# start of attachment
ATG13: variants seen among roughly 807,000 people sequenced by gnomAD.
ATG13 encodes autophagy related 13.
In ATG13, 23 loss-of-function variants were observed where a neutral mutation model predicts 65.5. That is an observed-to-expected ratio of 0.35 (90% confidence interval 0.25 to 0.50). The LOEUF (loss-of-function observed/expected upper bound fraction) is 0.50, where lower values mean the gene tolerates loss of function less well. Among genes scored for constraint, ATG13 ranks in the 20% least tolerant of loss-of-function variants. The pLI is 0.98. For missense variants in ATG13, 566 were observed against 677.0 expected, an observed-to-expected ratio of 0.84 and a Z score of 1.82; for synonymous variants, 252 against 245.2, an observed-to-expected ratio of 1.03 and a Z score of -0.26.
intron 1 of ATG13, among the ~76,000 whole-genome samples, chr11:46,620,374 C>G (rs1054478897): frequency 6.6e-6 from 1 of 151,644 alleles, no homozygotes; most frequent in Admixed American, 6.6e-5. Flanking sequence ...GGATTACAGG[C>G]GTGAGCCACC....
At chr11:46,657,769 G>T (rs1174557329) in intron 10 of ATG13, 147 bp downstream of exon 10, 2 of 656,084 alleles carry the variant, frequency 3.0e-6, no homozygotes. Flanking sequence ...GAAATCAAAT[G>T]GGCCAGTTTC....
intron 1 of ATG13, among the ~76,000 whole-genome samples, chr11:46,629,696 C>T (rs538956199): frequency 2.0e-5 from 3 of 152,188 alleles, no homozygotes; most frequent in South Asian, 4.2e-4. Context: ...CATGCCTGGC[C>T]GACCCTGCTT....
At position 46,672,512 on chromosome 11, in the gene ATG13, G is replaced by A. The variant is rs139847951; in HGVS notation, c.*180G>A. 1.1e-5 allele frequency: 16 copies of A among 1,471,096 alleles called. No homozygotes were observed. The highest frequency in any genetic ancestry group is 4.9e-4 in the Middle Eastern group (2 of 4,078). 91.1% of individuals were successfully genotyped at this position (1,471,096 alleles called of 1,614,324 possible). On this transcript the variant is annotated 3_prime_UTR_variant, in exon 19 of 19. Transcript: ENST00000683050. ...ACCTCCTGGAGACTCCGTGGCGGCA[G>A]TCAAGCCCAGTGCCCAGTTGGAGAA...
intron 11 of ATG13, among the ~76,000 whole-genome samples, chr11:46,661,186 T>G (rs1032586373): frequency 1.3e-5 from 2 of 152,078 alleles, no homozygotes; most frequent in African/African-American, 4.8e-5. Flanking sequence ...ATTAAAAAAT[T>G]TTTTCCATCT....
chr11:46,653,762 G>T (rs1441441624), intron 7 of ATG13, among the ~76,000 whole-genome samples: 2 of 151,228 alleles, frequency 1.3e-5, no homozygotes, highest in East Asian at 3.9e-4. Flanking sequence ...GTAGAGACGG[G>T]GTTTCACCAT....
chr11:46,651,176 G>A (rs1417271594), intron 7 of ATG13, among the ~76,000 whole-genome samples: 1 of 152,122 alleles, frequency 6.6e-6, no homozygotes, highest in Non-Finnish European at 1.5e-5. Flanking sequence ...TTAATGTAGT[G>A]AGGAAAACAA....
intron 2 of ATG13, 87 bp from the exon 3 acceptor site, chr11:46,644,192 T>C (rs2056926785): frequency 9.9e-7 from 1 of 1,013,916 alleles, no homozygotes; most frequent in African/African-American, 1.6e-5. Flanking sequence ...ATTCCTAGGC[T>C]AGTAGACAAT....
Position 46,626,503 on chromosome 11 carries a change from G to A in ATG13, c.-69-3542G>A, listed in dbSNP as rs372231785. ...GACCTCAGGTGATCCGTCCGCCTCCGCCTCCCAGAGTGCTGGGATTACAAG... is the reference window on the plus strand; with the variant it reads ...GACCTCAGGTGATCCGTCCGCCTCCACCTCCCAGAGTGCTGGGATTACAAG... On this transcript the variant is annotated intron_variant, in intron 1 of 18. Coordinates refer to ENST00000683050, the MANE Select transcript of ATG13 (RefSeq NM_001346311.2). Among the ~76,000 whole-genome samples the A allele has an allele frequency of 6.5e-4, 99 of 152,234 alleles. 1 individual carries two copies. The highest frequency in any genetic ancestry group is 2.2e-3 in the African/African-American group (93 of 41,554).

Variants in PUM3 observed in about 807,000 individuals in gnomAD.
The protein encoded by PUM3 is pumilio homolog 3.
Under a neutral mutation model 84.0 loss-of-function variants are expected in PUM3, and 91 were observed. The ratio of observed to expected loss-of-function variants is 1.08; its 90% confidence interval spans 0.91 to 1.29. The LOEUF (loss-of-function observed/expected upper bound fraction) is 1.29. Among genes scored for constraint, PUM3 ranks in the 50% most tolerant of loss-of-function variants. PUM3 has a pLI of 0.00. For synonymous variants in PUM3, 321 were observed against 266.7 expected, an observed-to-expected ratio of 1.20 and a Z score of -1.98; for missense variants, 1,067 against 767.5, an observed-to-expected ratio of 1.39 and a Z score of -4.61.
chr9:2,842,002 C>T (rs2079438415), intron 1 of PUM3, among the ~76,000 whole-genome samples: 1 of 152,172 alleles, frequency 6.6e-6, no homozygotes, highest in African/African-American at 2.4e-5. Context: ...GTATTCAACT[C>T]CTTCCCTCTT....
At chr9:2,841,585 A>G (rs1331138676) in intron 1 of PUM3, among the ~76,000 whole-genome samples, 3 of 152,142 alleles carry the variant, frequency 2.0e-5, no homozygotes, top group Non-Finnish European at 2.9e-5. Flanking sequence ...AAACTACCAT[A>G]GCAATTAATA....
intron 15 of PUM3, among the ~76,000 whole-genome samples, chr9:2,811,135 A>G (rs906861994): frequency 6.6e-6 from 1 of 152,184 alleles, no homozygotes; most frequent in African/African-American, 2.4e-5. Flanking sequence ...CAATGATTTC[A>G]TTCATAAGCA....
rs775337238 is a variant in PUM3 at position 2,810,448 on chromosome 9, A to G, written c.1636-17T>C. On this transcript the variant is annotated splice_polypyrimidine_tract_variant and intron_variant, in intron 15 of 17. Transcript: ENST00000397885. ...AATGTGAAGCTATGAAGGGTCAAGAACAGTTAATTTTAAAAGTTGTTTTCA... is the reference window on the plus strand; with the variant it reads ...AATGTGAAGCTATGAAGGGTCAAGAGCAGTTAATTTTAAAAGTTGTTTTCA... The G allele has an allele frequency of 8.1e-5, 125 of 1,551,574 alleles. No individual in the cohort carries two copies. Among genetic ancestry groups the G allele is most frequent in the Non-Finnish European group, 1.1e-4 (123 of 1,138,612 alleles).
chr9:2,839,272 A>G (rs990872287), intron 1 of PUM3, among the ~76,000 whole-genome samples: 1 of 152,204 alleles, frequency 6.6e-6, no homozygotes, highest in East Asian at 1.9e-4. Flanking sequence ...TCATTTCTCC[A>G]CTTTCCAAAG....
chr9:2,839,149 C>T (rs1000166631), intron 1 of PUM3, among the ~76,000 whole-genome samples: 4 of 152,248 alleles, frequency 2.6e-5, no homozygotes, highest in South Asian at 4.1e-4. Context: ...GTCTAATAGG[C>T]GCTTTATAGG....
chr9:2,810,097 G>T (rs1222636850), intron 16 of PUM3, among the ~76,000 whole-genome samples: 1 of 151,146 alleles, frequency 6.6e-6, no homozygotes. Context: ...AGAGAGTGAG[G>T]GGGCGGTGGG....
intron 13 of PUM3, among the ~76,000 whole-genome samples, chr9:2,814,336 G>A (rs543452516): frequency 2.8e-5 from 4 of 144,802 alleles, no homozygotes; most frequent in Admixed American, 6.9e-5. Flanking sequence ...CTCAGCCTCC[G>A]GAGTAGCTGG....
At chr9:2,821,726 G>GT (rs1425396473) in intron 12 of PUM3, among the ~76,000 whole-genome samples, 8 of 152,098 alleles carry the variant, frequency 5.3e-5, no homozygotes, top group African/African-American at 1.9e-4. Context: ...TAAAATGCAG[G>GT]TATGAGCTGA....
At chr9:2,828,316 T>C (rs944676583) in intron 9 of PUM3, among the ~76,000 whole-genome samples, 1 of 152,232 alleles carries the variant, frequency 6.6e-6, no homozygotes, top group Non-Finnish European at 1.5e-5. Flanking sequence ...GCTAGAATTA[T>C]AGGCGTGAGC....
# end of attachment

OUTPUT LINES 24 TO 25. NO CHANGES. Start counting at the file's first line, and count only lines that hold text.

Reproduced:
At chr9:2,821,726 G>GT (rs1425396473) in intron 12 of PUM3, among the ~76,000 whole-genome samples, 8 of 152,098 alleles carry the variant, frequency 5.3e-5, no homozygotes, top group African/African-American at 1.9e-4. Context: ...TAAAATGCAG[G>GT]TATGAGCTGA....
At chr9:2,828,316 T>C (rs944676583) in intron 9 of PUM3, among the ~76,000 whole-genome samples, 1 of 152,232 alleles carries the variant, frequency 6.6e-6, no homozygotes, top group Non-Finnish European at 1.5e-5. Flanking sequence ...GCTAGAATTA[T>C]AGGCGTGAGC....